I returned to my cold room in the hostel, with this last image of Panamerica. The next day, the storm was over and the boat managed to cross from Ushuaia. I barely made it to the plane on time. It is quite a magical sensation, after traveling so much by land, to take a flight that would cover in a few hours the same distance that I did in four months.
The snowstorm forced us to cancel the last Panamerican ceremony, for which I had written a speech that was never read in the end. Once again, as it continuously happened during this project, the overwhelming presence of natural forces was felt, and their voice silenced every possible word in any language, dead or alive.
La Abuela en su casa
Buscando a Cristina Calderón- in Search of Cristina Calderón
September 15, 2006
For some reason related to the poetic symmetry of fate, it is fitting that the last speaker of the Yhagan language would live in the southernmost village of the world. The Villa Ukika, with population of 51, is an indigenous village located South East of Puerto Williams, a Chilean village that is in turn South of Ushuaia. Puerto Williams has a population of 3000. It was originally a naval settlement, and the officers of the Chilean navy appear to still constitute the main population here.
The search for Cristina Calderón turned out to be a feat no less challenging than the search of Marie Smith Jones in Anchorage. Having been in touch via email for several months with her granddaughter, who promotes the knowledge of Yaghan language and culture, I had only obtained spotty and vague information as to the whereabouts of “La Abuela” (“Grandma”), as she is known here. When I arrived to Ushuaia, I only knew that she lived in Puerto Williams, which is 20 km. away by crossing the Beagle channel. I did not know, however, that transportation between Ushuaia and Puerto Williams is practically nonexistent at this time of year. I also was not certain to find La Abuela once I managed to cross. But there was no other choice but to try.
I finally managed to hire a transportation in a little rubber boat that crossed me, along with two Australians, to the Isla Navarino in Chile, where Puerto Williams is located. We crossed amidst snow and the frigid wind on the boat that jumped on the waves as if we were horseriding. We had to make an appointment with two immigration officers that met us at Puerto Navarino (an otherwise deserted spot) in order to get our passports stamped (once again). From there, a van took us to the other side of the island, through a dirt road (there are no paved streets or highways here), crossing snow and sleet, until we finally reached our destiny.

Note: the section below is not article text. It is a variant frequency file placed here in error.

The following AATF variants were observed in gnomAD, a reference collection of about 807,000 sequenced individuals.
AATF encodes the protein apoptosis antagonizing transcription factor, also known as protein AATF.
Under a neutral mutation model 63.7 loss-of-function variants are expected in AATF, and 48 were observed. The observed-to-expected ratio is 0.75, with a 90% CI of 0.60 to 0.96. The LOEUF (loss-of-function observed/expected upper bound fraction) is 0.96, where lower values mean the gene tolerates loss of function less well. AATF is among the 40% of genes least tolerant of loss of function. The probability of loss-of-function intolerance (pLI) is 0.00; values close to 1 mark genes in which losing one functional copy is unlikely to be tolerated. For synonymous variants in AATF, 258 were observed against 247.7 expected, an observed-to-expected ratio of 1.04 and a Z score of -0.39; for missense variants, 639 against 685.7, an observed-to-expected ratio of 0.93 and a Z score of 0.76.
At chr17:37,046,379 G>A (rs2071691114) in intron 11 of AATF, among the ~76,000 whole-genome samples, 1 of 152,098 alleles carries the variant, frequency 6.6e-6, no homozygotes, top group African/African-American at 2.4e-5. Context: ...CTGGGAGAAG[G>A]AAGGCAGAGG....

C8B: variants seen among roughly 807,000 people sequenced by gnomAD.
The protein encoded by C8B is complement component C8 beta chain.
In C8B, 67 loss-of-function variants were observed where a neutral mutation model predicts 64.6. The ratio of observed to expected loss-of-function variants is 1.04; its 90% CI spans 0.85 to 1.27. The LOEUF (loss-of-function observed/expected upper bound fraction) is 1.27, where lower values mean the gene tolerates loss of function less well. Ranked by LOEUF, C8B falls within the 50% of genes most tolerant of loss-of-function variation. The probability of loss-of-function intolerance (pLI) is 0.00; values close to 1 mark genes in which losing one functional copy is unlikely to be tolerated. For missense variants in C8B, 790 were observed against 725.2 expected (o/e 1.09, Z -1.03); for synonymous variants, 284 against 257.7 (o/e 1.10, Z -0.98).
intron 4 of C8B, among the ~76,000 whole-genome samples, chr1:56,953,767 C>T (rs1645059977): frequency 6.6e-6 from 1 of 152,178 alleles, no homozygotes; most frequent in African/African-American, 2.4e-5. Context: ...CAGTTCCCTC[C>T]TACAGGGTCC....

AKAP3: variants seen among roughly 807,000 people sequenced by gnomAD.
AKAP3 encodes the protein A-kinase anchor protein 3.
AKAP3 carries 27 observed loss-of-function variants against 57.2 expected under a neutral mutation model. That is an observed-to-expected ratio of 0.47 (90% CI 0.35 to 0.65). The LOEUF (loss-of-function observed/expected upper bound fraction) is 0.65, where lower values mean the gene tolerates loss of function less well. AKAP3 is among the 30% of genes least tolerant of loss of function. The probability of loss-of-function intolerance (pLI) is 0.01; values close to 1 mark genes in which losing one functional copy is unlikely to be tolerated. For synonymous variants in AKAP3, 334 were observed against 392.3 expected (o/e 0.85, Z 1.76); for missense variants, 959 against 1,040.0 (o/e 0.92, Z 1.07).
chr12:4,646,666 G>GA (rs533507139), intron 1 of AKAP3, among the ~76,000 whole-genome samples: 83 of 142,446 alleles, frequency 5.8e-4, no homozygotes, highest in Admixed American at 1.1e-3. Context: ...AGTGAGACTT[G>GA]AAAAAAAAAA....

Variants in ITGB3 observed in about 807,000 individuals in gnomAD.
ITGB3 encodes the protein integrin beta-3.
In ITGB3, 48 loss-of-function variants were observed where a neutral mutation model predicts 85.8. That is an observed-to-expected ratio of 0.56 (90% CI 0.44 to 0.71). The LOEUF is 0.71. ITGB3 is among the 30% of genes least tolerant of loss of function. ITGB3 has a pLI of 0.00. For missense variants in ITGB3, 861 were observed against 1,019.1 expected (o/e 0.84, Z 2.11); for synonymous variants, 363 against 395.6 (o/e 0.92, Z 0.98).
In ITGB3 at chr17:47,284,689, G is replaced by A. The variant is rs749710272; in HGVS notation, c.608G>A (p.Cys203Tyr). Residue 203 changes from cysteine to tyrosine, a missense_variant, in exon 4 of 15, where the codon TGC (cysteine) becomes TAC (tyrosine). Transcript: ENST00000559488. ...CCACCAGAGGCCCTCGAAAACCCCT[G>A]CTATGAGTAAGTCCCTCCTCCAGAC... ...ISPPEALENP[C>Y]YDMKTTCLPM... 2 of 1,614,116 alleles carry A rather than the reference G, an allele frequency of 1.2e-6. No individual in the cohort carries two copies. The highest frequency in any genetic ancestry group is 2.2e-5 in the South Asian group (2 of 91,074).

I walked into Villa Ukina, which has a spectacular view to the sea and the mountains. The house of La Abuela was in the center of the village.
Cristina herself opened the door, and to my relief, knew who I was. But he asked me to come back at 3pm, and with her slight Chilean accent added: “but also you should know that I charge for interviews”.
At 3pm, I was back with a camera and two traditional Mexican dolls as gifts. The local butcher came in the middle of the interview to deliver a giant and bloody piece of meat, which seemed to make her very happy. “ Here all we eat is roast”, she said. “Before, we used to be able to get lamb, but now its all beef”. She explained to me that everyone was related to her in the village: she had six children, thirteen grandchildren, and the great-grandchildren keep coming. Refering to her large family, she said “ maybe I reproduced myself a lot due to the fact that I was practically an orphan”. Her father died shortly after she was born, and her mother died when she was five. She grew up amongst uncles and aunts, as well as her grandfather, who had a special religious veneration for the sun. During Cristina’s childhood, Yaghan culture was already in quick decline. The last Yaghan celebration she witnessed was in 1936, when she was eight years old. Hers was the last generation to learn the language, and her last interlocutor was her sister, who died recently. I asked her if she dreamt in Yaghan. “But of course. That is how I speak to all of them still”.
As it happened to me when I interviewed Marie Smith Jones, I did not know how to pose the question of how did she feel about being the last speaker of her language. But she started talking about it when she spoke about solitude, and about her ambivalence with God. “My daughter committed suicide a few years ago. She took pills. I stopped going to the church, because I thought that if something so unfair had happened, there was no god anywhere. An evangelist came once to my house and tried to convince me to go to church, saying that if my daughter died it was perhaps because it was the best fate for her, that she and I would have suffered a lot otherwise.” Cristina did not buy the argument, and she still never returned to church. However, she somehow regained her faith, although in a personal way and within her own home. “I think that, in the end, we all are alone with ourselves and with God”.
La Abuela showed me a few Yaghan crafts that she and others in the village make ( I bought a winter hat for Dannielle, made by La Abuela herself). I said goodbye to La Aguela, thanking her for her time and generosity. I left her house and saw the sea again, and that powerful and melancholic austral light, the many asleep dogs in the village, and I went back on the dirt road. That last and simple thought that we are ultimately alone with ourselves got me thinking. There is a lot to think about in the next few days and on these pages. But, for the time being, having met Cristina Calderón provided definite closure to my unrest. It closes this long conversation of hundreds of voices that started in Anchorage. This trip has officially concluded.
calle 9 de julio, Ushuaia
calle San Martin
la vista de la bahia
llegando a Ushuaia - arriving to Ushuaia
Marcelo Murphy en la casa de la cultura de Ushuaia
September 14, 2006
( and a Russian fairy tale)